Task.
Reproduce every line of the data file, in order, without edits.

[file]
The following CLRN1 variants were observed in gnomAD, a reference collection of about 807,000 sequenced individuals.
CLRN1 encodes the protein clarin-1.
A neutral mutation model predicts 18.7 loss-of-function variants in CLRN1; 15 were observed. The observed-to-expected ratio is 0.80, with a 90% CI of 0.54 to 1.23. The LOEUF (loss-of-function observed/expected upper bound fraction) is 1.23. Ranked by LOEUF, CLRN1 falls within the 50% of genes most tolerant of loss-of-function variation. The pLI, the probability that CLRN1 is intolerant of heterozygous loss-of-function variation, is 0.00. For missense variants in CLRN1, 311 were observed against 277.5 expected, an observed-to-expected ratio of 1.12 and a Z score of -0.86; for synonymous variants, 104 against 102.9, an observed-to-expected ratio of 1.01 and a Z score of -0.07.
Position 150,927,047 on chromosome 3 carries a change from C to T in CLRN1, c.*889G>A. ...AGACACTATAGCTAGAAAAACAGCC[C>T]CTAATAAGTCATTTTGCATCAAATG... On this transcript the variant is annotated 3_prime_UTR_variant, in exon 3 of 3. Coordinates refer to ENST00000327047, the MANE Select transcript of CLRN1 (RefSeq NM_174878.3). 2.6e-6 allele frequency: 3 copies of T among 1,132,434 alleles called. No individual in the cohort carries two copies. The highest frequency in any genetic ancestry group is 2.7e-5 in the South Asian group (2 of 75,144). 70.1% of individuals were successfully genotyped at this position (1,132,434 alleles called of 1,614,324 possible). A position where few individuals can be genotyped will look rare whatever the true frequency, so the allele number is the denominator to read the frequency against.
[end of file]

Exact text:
The following CLRN1 variants were observed in gnomAD, a reference collection of about 807,000 sequenced individuals.
CLRN1 encodes the protein clarin-1.
A neutral mutation model predicts 18.7 loss-of-function variants in CLRN1; 15 were observed. The observed-to-expected ratio is 0.80, with a 90% CI of 0.54 to 1.23. The LOEUF (loss-of-function observed/expected upper bound fraction) is 1.23. Ranked by LOEUF, CLRN1 falls within the 50% of genes most tolerant of loss-of-function variation. The pLI, the probability that CLRN1 is intolerant of heterozygous loss-of-function variation, is 0.00. For missense variants in CLRN1, 311 were observed against 277.5 expected, an observed-to-expected ratio of 1.12 and a Z score of -0.86; for synonymous variants, 104 against 102.9, an observed-to-expected ratio of 1.01 and a Z score of -0.07.
Position 150,927,047 on chromosome 3 carries a change from C to T in CLRN1, c.*889G>A. ...AGACACTATAGCTAGAAAAACAGCC[C>T]CTAATAAGTCATTTTGCATCAAATG... On this transcript the variant is annotated 3_prime_UTR_variant, in exon 3 of 3. Coordinates refer to ENST00000327047, the MANE Select transcript of CLRN1 (RefSeq NM_174878.3). 2.6e-6 allele frequency: 3 copies of T among 1,132,434 alleles called. No individual in the cohort carries two copies. The highest frequency in any genetic ancestry group is 2.7e-5 in the South Asian group (2 of 75,144). 70.1% of individuals were successfully genotyped at this position (1,132,434 alleles called of 1,614,324 possible). A position where few individuals can be genotyped will look rare whatever the true frequency, so the allele number is the denominator to read the frequency against.